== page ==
Stakeholders in the nutrition agenda have called for more investment to address the triple burden of malnutrition in the country.
Speaking during the first-ever Maternal, Infant & Young Child Feeding Nutrition Symposium, Ag. Director-General for Health Dr. Patrick Amoth noted that malnutrition impedes the progress towards achieving the global, regional & national social & economic development goals.
“In Kenya, malnutrition is a leading cause of infant and child morbidity, mortality, and hospital admission, a situation that urgently requires our interventions as stakeholders,” Amoth observed.
He said perennial drought, particularly in arid and semi-arid counties, has adversely affected the most vulnerable groups especially, children under five years of age, pregnant and lactating women resulting in an increased risk of malnutrition, illness, and mortality.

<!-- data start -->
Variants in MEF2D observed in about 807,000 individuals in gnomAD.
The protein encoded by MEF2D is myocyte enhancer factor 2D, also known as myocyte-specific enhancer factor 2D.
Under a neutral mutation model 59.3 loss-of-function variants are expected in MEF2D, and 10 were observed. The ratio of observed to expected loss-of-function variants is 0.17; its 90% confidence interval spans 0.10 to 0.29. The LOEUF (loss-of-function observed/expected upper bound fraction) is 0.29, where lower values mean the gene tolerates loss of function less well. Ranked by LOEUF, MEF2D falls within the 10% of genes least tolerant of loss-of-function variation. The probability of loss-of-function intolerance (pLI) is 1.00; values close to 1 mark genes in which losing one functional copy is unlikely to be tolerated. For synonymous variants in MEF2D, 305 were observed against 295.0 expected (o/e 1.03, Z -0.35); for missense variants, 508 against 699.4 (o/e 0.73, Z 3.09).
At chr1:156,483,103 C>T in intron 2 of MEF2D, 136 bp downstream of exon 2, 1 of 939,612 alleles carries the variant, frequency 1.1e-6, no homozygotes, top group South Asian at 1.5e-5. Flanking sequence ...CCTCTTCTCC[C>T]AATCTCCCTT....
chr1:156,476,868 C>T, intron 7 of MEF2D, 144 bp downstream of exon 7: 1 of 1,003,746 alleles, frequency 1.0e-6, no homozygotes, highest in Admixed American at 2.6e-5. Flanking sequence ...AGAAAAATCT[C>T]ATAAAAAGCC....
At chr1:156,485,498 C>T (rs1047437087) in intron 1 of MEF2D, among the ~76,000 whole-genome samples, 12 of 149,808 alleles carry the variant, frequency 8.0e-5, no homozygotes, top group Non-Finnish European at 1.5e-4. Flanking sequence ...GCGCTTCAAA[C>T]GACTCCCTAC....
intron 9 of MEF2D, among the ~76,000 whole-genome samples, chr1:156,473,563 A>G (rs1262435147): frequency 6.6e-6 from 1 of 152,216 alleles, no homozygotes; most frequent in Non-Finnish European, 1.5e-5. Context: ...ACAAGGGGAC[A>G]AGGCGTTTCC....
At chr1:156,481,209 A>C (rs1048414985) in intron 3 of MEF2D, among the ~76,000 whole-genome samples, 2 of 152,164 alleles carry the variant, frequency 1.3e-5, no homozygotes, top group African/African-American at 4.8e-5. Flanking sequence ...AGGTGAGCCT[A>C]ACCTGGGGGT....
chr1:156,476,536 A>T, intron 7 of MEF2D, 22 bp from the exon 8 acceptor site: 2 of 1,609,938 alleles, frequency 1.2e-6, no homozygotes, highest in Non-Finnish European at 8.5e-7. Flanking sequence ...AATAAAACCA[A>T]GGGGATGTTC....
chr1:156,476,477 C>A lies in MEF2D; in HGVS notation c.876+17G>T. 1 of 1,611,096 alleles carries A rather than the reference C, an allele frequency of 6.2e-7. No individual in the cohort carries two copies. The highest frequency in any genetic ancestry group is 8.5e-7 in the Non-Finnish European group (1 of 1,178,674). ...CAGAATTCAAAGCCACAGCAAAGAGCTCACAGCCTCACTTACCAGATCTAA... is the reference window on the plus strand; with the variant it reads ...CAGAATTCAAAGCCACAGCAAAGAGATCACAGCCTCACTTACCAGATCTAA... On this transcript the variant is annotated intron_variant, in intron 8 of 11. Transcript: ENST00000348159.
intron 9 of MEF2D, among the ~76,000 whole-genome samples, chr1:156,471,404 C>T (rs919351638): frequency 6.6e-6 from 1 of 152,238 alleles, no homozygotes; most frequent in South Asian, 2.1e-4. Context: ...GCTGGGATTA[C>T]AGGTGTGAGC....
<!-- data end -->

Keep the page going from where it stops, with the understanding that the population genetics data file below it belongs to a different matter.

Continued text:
“The Ministry in collaboration with the affected counties has activated the nutrition response which includes the supply of the nutrition lifesaving commodities, nutrition screening, and integrated outreaches,” said Dr. Amoth.
Those attending the three-day conference said the challenge is characterized by the co-existence of undernutrition exhibited by stunting, wasting, and underweight; micronutrient deficiencies; and over nutrition.
As of December 2021, 26.2 percent of children under five years suffered from chronic malnutrition in Kenya. The lack of adequate nutrients over a long period leads the infants to growth failure. At the same period, 4.2 percent of the children were affected by acute malnutrition, which concerns a rapid deterioration in the nutritional status over a short period of time.
The Maternal, Infant & Young Child Feeding Nutrition (MIYCN) Symposium whose theme is “Promoting optimal Maternal Infant and Young Child Nutrition for improved child growth, development & survival” brought together stakeholders from GOV & NGOs providing a platform for experts to reflect on the status of the child malnutrition in Kenya.